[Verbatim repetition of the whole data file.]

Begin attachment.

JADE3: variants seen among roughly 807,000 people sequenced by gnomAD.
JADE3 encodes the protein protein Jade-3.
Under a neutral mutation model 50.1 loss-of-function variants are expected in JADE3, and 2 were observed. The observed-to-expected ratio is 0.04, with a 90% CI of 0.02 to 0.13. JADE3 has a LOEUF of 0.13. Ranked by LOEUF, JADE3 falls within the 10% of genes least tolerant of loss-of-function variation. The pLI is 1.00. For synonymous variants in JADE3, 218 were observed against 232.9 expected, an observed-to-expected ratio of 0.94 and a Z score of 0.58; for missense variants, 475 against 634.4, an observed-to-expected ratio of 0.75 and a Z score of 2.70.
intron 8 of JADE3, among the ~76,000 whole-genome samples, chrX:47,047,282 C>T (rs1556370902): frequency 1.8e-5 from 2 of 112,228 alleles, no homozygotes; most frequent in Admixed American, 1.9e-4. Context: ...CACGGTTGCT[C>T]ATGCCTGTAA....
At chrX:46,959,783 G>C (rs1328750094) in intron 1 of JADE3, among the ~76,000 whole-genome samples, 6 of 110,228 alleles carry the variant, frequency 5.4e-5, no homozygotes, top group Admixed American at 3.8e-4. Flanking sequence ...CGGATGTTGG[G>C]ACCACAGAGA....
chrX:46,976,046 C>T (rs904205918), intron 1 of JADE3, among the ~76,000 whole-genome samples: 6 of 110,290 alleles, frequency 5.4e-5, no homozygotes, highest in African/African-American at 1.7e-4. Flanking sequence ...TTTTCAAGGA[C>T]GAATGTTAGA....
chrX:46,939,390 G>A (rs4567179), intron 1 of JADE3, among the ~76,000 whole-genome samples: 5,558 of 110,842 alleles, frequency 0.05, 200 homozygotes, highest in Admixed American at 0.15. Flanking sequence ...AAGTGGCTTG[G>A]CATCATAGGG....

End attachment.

JADE3: variants seen among roughly 807,000 people sequenced by gnomAD.
JADE3 encodes the protein protein Jade-3.
Under a neutral mutation model 50.1 loss-of-function variants are expected in JADE3, and 2 were observed. The observed-to-expected ratio is 0.04, with a 90% CI of 0.02 to 0.13. JADE3 has a LOEUF of 0.13. Ranked by LOEUF, JADE3 falls within the 10% of genes least tolerant of loss-of-function variation. The pLI is 1.00. For synonymous variants in JADE3, 218 were observed against 232.9 expected, an observed-to-expected ratio of 0.94 and a Z score of 0.58; for missense variants, 475 against 634.4, an observed-to-expected ratio of 0.75 and a Z score of 2.70.
intron 8 of JADE3, among the ~76,000 whole-genome samples, chrX:47,047,282 C>T (rs1556370902): frequency 1.8e-5 from 2 of 112,228 alleles, no homozygotes; most frequent in Admixed American, 1.9e-4. Context: ...CACGGTTGCT[C>T]ATGCCTGTAA....
At chrX:46,959,783 G>C (rs1328750094) in intron 1 of JADE3, among the ~76,000 whole-genome samples, 6 of 110,228 alleles carry the variant, frequency 5.4e-5, no homozygotes, top group Admixed American at 3.8e-4. Flanking sequence ...CGGATGTTGG[G>C]ACCACAGAGA....
chrX:46,976,046 C>T (rs904205918), intron 1 of JADE3, among the ~76,000 whole-genome samples: 6 of 110,290 alleles, frequency 5.4e-5, no homozygotes, highest in African/African-American at 1.7e-4. Flanking sequence ...TTTTCAAGGA[C>T]GAATGTTAGA....
chrX:46,939,390 G>A (rs4567179), intron 1 of JADE3, among the ~76,000 whole-genome samples: 5,558 of 110,842 alleles, frequency 0.05, 200 homozygotes, highest in Admixed American at 0.15. Flanking sequence ...AAGTGGCTTG[G>A]CATCATAGGG....